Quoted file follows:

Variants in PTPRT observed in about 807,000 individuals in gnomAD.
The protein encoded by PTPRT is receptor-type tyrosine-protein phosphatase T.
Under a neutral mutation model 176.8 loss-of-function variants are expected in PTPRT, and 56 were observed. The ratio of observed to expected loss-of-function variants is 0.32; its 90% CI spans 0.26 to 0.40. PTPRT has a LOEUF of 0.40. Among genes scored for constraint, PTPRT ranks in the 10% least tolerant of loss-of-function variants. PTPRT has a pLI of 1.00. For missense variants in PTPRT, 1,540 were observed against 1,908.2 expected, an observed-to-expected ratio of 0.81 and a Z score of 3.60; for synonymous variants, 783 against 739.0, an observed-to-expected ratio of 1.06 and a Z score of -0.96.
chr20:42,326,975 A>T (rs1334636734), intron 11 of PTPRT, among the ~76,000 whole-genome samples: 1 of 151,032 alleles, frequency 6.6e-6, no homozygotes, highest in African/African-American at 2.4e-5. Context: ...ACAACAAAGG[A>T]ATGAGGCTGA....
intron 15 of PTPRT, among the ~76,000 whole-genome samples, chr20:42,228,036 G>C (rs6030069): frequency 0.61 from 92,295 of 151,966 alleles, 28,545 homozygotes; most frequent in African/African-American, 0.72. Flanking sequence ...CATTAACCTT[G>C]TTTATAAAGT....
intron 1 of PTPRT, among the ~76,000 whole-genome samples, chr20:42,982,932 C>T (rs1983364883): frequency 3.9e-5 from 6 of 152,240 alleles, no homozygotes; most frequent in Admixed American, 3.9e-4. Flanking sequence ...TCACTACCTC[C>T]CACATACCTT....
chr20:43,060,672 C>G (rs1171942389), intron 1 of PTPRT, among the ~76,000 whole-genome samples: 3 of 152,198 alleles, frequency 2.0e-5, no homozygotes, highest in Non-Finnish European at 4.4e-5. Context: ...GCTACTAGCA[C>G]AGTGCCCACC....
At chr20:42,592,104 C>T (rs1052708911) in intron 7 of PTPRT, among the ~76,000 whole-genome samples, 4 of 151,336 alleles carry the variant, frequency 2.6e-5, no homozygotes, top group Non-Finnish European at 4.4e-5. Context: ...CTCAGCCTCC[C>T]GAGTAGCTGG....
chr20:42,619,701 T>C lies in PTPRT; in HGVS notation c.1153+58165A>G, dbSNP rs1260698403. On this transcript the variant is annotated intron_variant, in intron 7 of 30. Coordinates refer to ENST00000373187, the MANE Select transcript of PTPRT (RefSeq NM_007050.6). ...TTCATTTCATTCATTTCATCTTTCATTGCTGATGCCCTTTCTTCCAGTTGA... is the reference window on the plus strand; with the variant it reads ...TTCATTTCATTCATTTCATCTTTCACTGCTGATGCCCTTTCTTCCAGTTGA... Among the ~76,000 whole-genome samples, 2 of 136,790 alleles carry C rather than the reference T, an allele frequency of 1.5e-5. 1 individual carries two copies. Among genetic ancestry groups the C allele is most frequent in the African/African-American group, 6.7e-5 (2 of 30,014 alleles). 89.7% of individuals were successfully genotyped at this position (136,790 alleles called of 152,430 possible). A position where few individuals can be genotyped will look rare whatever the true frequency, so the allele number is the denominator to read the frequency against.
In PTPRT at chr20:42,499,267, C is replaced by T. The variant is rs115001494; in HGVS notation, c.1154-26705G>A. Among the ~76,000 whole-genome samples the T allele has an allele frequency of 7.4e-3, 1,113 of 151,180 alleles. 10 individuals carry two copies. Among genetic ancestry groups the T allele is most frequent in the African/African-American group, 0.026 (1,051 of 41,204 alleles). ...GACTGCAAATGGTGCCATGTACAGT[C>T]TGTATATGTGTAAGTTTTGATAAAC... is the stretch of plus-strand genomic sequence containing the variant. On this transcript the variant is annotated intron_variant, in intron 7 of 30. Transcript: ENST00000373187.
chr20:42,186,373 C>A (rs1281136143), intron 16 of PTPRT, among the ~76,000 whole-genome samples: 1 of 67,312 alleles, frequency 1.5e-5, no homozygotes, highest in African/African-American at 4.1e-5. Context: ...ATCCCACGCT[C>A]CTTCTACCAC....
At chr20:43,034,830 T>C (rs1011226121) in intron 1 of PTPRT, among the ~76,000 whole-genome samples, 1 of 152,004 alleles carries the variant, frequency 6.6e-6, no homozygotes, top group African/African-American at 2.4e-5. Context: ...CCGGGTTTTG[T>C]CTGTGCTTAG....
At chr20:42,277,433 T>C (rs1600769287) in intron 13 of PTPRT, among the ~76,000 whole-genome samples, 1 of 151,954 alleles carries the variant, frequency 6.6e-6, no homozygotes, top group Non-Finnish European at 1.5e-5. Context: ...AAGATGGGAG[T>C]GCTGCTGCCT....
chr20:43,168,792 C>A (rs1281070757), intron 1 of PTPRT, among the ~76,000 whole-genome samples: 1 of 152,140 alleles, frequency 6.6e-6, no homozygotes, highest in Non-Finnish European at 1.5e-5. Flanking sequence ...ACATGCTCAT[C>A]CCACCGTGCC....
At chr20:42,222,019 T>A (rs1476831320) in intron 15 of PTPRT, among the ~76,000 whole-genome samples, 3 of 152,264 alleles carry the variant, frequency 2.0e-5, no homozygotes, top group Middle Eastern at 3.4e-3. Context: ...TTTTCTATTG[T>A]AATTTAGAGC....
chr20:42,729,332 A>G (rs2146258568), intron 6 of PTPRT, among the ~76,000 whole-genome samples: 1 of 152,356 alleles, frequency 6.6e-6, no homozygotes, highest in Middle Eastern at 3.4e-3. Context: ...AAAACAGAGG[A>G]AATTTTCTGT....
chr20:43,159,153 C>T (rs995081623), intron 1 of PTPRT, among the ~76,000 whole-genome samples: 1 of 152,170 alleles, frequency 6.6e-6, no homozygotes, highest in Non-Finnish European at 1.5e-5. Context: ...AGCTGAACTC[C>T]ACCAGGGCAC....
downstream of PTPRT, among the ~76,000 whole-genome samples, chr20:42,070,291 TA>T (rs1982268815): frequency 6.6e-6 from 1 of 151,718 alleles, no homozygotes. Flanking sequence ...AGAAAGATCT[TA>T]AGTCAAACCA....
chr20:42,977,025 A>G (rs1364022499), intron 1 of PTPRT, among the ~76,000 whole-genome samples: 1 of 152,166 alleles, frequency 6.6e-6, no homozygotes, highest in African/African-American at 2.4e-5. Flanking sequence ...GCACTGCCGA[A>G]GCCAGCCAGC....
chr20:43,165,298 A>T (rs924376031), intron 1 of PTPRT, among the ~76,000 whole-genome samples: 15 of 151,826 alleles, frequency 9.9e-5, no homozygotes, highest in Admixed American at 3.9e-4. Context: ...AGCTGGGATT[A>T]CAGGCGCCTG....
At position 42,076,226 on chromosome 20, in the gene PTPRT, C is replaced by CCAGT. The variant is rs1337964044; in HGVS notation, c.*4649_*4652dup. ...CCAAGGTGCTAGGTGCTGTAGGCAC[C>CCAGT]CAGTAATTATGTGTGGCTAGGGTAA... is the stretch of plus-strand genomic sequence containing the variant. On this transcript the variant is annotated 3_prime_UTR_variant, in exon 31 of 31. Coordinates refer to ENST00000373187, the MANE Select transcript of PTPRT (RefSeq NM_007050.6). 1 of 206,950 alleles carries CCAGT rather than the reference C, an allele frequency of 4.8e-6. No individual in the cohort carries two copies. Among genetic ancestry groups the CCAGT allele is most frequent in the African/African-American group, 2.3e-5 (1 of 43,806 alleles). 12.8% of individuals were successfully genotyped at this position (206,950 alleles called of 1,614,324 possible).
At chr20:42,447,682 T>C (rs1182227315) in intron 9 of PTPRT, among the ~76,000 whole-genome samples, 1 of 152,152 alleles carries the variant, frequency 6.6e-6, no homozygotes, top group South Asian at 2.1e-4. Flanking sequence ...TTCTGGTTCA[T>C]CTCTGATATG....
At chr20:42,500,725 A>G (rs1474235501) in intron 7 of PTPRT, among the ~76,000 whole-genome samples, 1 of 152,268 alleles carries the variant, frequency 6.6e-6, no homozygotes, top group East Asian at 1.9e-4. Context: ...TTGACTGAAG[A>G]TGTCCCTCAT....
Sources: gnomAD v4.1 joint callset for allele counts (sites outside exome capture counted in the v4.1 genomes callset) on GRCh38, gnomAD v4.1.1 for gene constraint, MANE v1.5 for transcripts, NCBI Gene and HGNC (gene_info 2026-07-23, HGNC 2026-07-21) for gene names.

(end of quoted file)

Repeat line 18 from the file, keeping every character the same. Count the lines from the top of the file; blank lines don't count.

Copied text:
downstream of PTPRT, among the ~76,000 whole-genome samples, chr20:42,070,291 TA>T (rs1982268815): frequency 6.6e-6 from 1 of 151,718 alleles, no homozygotes. Flanking sequence ...AGAAAGATCT[TA>T]AGTCAAACCA....